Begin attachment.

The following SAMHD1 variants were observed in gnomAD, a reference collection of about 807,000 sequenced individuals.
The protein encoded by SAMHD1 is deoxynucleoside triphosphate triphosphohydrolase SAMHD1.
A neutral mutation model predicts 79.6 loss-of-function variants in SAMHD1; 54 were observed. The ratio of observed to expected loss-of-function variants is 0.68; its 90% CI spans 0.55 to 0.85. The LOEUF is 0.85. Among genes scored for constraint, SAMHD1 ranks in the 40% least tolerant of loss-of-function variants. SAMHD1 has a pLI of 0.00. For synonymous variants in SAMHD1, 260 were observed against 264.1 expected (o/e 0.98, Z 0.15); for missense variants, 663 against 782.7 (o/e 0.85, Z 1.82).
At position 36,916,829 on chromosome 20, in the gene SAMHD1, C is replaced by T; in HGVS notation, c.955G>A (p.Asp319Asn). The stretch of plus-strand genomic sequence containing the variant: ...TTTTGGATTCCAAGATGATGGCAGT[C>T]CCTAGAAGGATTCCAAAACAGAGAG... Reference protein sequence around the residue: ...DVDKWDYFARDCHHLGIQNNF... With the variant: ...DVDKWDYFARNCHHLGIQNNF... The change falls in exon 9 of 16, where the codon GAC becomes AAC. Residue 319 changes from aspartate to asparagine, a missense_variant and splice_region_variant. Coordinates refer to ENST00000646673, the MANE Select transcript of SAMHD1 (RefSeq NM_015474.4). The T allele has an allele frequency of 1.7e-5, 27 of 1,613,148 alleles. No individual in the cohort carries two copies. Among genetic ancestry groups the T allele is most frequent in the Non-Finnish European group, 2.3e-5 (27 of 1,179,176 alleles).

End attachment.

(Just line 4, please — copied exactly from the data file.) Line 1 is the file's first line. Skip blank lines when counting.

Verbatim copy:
At position 36,916,829 on chromosome 20, in the gene SAMHD1, C is replaced by T; in HGVS notation, c.955G>A (p.Asp319Asn). The stretch of plus-strand genomic sequence containing the variant: ...TTTTGGATTCCAAGATGATGGCAGT[C>T]CCTAGAAGGATTCCAAAACAGAGAG... Reference protein sequence around the residue: ...DVDKWDYFARDCHHLGIQNNF... With the variant: ...DVDKWDYFARNCHHLGIQNNF... The change falls in exon 9 of 16, where the codon GAC becomes AAC. Residue 319 changes from aspartate to asparagine, a missense_variant and splice_region_variant. Coordinates refer to ENST00000646673, the MANE Select transcript of SAMHD1 (RefSeq NM_015474.4). The T allele has an allele frequency of 1.7e-5, 27 of 1,613,148 alleles. No individual in the cohort carries two copies. Among genetic ancestry groups the T allele is most frequent in the Non-Finnish European group, 2.3e-5 (27 of 1,179,176 alleles).